Summer is a time to recharge and get excited for the upcoming school year.
If you're anything like me, you don't do complete relaxation really well and are always looking for ways to keep yourself active and learning.
Along with doing some writing this summer and attending some free events or speaking at conferences, I'm trying out my first Voxer book group.
(Now, full disclosure here, I was invited to the group because they're using my book, Hacking Assessment, and offered me a chance to be a part of the conversation. Even more disclosure is that my second edition will launch this summer with even more resources and stories from the field to help educators make a smooth transition away from traditional grading practices.)
I really enjoyed the way Ted Huff moderated the group. At first, he floated the idea out there in the Twittersphere and saw who was interested. He set a date and then started adding folks to the Voxer group.
Usually, congested Voxer groups are overwhelming for me, but this one is going at a nice pace and has a good focus.
Once everyone was added to the group, we were asked to introduce ourselves and share what we hoped to get out of the group. Each person is coming to the experience in a different place and with differing expectations. As the author of the book, listening to what they said was interesting for me as it is valuable feedback, but also allowed me to engage with them about questions they had and potentially help them solve problems if they planned to give up grades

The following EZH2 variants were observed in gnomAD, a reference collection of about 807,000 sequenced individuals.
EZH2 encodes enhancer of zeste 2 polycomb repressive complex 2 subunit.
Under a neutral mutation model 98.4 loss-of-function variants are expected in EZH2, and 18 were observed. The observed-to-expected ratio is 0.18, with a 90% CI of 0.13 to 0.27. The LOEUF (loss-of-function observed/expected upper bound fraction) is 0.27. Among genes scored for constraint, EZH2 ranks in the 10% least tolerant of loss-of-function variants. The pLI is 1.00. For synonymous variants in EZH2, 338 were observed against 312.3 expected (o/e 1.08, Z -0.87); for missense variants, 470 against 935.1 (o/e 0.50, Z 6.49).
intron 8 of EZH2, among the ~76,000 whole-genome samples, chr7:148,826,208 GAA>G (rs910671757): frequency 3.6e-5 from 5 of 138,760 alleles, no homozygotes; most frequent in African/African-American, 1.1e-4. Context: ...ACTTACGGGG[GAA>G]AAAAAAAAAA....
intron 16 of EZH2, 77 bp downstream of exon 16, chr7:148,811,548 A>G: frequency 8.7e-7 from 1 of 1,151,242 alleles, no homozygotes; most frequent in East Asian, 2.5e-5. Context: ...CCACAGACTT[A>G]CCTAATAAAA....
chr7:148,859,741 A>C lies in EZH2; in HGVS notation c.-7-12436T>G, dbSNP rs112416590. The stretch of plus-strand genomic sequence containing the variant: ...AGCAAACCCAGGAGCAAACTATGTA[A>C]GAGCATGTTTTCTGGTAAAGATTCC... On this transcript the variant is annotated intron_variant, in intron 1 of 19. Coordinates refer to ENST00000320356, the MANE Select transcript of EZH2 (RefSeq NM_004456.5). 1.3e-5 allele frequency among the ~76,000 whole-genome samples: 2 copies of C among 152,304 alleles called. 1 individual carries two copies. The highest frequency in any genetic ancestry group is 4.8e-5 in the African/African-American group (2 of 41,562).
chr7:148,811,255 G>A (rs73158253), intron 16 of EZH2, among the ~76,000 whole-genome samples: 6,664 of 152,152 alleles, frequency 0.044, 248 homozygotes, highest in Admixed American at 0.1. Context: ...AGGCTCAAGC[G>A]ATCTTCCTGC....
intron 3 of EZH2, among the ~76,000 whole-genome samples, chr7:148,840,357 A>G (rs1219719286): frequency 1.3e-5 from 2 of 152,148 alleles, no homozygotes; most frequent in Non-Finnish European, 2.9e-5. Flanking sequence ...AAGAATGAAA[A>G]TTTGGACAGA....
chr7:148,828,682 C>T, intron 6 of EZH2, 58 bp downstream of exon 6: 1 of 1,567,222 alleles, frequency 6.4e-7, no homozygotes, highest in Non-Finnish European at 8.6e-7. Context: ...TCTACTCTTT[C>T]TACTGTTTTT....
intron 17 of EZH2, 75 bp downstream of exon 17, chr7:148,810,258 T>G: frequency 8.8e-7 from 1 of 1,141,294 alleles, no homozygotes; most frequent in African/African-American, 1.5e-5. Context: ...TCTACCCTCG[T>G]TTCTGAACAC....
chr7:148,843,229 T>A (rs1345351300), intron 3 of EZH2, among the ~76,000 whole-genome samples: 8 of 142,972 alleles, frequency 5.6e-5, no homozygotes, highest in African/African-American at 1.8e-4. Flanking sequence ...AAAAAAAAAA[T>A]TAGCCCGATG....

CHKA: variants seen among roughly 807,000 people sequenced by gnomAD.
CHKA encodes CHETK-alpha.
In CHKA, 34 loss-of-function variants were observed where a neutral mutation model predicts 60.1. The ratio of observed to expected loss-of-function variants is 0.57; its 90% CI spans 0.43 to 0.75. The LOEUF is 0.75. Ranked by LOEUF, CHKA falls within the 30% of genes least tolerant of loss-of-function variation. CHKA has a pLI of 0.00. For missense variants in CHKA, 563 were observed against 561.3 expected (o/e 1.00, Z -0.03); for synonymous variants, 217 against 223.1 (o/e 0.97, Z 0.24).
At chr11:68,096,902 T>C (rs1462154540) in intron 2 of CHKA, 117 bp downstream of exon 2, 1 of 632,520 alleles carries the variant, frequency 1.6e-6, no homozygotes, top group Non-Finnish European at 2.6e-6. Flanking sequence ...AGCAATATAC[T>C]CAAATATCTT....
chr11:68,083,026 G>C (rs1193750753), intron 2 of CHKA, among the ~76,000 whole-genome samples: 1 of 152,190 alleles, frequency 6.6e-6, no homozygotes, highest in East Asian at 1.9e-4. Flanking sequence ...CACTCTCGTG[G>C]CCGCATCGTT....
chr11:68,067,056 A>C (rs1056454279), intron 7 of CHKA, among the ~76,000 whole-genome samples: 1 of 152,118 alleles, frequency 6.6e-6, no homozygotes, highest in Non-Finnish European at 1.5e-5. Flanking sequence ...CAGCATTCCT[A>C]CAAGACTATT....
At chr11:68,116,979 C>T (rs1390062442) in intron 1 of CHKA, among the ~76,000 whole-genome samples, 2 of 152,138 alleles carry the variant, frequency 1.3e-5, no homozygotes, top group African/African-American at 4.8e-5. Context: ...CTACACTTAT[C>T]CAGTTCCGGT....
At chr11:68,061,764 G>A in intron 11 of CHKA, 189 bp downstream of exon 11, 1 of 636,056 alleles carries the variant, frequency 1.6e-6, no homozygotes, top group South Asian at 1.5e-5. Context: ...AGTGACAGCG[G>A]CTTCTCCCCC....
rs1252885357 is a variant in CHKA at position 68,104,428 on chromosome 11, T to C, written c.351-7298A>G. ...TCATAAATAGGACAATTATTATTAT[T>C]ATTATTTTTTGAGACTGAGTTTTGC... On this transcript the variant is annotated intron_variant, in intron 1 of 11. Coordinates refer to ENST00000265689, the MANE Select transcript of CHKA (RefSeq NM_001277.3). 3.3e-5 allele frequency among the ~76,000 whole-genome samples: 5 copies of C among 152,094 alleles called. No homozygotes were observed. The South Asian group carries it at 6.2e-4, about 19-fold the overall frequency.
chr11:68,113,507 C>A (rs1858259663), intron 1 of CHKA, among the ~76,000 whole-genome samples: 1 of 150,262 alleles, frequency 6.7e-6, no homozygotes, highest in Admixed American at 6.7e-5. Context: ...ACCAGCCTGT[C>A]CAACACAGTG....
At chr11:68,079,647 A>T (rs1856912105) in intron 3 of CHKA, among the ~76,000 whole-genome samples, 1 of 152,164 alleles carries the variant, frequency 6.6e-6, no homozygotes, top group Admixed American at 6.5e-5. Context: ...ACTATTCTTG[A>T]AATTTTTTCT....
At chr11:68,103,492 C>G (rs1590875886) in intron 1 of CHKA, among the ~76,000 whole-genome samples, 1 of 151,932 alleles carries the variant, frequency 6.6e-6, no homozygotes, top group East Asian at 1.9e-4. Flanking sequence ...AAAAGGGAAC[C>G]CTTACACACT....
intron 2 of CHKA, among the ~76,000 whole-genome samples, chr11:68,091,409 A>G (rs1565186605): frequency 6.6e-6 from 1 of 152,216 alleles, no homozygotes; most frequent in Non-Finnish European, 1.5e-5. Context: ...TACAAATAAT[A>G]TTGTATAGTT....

The plan was to read through the whole book over five weeks, taking two chapters a week. Two questions were dropped in the chat on the first day, first about our existing grading policies within our schools and then one specific to the book.
Each person in the group listened and participated at their own pace and then the moderator synthesized what is being said, responded where appropriate, and asked clarifying questions where needed. The participants were only expected to read two chapters a week, which is a comfortable/digestible pace.
So if you're looking for a great way to push your learning and collaborate with folks who may not be close by, Voxer is a great technology solution to bridge the gap and time. Folks can contribute from all over the world and the stories and sharing can really add depth to the learning from the text. Plus there is something actionable about being accountable to a group that makes the reading happen.
What's on your must-read list this summer? Would you consider doing a Voxer book study? If you've done one before, share your experience.
*This post originally ran on my Education Week Teacher blog in June 2016 and updated now.